The Foreign Service Journal, October 2019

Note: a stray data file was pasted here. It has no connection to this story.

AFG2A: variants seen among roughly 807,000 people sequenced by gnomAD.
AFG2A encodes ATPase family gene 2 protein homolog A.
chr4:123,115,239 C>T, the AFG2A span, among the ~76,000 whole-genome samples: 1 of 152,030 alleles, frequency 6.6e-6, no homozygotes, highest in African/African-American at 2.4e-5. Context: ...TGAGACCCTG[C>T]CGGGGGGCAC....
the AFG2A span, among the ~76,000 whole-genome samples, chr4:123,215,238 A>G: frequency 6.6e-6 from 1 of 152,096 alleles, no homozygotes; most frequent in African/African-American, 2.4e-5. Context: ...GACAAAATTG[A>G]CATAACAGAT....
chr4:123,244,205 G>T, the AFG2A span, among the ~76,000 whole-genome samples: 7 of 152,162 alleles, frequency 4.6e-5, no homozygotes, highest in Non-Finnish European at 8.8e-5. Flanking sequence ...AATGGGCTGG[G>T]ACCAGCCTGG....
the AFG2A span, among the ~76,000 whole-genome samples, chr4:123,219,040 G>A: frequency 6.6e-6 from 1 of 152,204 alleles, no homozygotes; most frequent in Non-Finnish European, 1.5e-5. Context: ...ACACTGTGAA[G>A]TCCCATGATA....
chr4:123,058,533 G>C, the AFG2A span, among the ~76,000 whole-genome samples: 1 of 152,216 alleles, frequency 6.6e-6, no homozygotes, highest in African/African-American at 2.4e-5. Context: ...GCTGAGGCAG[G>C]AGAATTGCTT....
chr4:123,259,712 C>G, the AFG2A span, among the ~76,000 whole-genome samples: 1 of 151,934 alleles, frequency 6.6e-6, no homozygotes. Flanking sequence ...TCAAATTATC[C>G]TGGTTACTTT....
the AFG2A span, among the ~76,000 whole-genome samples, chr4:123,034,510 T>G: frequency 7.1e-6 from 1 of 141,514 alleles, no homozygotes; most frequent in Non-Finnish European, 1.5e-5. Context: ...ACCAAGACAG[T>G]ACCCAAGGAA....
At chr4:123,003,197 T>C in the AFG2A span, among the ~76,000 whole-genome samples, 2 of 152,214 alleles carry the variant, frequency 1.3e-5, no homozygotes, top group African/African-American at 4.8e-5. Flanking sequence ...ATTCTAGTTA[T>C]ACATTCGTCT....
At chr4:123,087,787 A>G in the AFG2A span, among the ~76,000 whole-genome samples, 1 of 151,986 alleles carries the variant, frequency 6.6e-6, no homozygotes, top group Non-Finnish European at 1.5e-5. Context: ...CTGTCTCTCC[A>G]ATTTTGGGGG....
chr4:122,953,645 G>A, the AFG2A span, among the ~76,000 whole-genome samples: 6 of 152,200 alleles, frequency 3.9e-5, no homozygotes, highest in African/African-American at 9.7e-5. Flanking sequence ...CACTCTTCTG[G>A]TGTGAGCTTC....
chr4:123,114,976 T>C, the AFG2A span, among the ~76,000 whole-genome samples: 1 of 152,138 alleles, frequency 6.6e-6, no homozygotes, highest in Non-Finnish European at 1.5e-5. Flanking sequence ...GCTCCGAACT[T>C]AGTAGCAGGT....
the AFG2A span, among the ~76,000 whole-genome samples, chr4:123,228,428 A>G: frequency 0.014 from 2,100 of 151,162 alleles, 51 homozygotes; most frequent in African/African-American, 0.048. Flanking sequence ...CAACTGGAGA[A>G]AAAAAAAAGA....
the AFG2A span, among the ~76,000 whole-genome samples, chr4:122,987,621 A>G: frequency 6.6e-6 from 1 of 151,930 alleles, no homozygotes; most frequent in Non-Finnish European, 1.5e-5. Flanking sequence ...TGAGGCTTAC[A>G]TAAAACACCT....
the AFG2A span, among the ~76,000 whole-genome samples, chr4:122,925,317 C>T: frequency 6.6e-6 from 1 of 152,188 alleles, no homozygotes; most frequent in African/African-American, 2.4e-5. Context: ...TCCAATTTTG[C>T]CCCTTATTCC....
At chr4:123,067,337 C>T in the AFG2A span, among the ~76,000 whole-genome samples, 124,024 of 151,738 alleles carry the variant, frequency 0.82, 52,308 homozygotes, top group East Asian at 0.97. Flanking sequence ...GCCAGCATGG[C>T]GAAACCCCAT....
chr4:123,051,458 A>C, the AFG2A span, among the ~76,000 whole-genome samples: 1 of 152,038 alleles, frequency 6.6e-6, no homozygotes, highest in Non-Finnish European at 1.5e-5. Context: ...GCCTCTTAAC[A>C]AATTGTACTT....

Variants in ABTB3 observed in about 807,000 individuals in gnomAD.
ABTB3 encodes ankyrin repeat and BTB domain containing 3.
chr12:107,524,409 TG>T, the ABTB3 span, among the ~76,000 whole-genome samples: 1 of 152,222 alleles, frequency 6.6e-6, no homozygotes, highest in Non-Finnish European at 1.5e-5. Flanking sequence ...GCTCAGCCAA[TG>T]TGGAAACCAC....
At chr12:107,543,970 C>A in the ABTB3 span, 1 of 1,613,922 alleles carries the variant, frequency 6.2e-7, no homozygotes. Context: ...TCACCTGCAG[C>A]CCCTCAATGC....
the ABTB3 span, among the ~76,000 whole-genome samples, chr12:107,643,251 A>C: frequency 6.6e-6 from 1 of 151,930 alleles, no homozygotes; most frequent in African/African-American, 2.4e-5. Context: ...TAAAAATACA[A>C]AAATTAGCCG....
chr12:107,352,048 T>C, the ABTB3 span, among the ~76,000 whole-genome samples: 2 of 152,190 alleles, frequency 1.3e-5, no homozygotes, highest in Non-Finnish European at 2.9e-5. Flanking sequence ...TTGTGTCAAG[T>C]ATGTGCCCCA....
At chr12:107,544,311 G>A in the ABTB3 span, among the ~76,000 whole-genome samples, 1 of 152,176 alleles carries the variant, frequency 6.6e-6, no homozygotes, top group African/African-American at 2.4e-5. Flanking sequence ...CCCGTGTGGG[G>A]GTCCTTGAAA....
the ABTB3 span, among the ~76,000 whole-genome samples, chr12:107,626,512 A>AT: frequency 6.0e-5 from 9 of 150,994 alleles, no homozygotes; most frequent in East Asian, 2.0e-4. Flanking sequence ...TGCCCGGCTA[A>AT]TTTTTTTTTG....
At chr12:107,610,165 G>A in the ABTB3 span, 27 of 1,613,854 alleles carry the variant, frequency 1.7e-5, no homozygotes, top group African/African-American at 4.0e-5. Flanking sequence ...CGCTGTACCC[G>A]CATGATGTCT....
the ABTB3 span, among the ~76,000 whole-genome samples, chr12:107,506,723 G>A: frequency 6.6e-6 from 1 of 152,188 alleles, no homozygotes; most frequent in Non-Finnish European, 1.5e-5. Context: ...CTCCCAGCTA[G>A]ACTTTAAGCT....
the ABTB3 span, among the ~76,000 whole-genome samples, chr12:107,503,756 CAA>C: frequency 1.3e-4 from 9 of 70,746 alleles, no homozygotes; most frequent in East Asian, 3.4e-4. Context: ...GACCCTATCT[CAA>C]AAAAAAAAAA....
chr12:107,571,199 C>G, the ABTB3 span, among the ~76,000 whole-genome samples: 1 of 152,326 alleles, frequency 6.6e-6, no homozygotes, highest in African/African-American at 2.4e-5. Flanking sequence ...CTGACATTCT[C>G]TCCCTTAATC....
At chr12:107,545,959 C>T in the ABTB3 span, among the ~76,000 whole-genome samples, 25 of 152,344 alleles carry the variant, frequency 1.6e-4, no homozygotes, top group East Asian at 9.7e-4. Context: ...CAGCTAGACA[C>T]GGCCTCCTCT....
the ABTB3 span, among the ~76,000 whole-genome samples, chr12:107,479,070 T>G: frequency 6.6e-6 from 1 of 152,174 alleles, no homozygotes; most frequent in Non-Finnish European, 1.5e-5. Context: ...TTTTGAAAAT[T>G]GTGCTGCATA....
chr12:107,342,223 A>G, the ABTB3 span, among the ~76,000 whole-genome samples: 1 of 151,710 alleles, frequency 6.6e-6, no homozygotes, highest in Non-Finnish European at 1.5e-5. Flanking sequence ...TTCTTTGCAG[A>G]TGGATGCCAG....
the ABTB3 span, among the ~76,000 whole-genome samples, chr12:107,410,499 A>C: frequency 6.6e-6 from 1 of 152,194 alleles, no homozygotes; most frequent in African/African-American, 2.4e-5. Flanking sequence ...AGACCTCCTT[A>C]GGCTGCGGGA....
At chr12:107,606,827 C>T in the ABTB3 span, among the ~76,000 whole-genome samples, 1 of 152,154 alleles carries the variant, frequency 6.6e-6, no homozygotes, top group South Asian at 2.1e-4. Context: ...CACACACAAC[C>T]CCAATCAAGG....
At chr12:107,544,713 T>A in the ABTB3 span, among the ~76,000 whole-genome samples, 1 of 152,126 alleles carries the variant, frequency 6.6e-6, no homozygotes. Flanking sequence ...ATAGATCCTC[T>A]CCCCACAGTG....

THE FOREIGN SERVICE JOURNAL | OCTOBER 2019 21 the United States seeks—or should seek—and what the North Koreans might be willing to give in return. Some administration advisers demand a complete end not only to the DPRK’s nuclear program but also to its chemical and biological weapons programs and its missile programs. Others add the need to see an end to North Korea’s dire human rights record, conventional threats to its neighbors and a range of illegal activity from smuggling to counterfeiting. Still others present a more targeted agenda of incrementally rolling back North Korea’s nuclear program first before turning to the fuller range of U.S. objectives. These debates center on foreign policy toward this difficult country on issues vital to U.S. national security rather than on Pyongyang’s own strate- gic ambitions and near-term goals. In this article I zero in on a basic ques- tion: What does North Korea want? In my recent book, North Korea: What Everyone Needs to Know , I tackle this question from a variety of viewpoints that explore the country’s history, society, politics, economics and regional relations. My purpose here, however, is more limited. I focus only on what North Korea wants from the United States in rela- tion to the diplomacy underway. It is easy to impute motives to the North Koreans. Few have direct interaction with DPRK leaders, leaving analysts free to speculate on what the Kim Jong Un government seeks. However, Kim has been fairly clear on both his strategic aims and near- term diplomatic asks as a matter of public record. By evaluating what the North Koreans have said repeatedly in public to both their domestic and international audiences, as well as public comments by American officials following the summits, one can identify two broad North Korean goals: national security and specific economic relief. The North Koreans have noted that security is the country’s larger concern, but its near-term demand relates to its economy. Immediately following the most recent U.S.-DPRK summit in Hanoi, President Donald Trump told reporters that Kim Jong Un “wanted the sanctions lifted in their entirety.” The president’s senior officials, most notably Secretary of State Mike Pompeo , clarified that Kim had wanted an end to those provisions of United Nations Security Council sanctions that applied to gen- eral economic activity. The administration decided in Hanoi that North Korea’s offer related to its Yongbyon nuclear complex was insufficient to merit this level of sanctions relief. The distinction between all sanctions and the specific sanc- tions relief Kim sought, as well as the value of nuclear conces- sions focused only on Yongbyon, require some explanation. Near-term Demand: Targeted Sanctions Relief The United States has imposed sanctions on North Korea unilaterally since the country’s inception, but the U.N. Security Council sanctions that Chairman Kim referenced are much more recent. His grandfather, Kim Il Sung, was instrumental in declaring the establishment of the DPRK in 1948. Two years later, he invaded U.S.-backed South Korea, initiating the Korean War. Not surprisingly, the U.S. government did not look fondly on American companies doing business with the enemy, and North Korea’s invasion triggered sanctions through the Trading with the Enemy Act. Cold War–era politics brought the addition of sanctions related to North Korea’s status as a communist and socialist state. Its egregious human rights record and its history of state- sanctioned drug smuggling and terrorism, counterfeiting of U.S. ISTOCKPHOTO.COM/FILO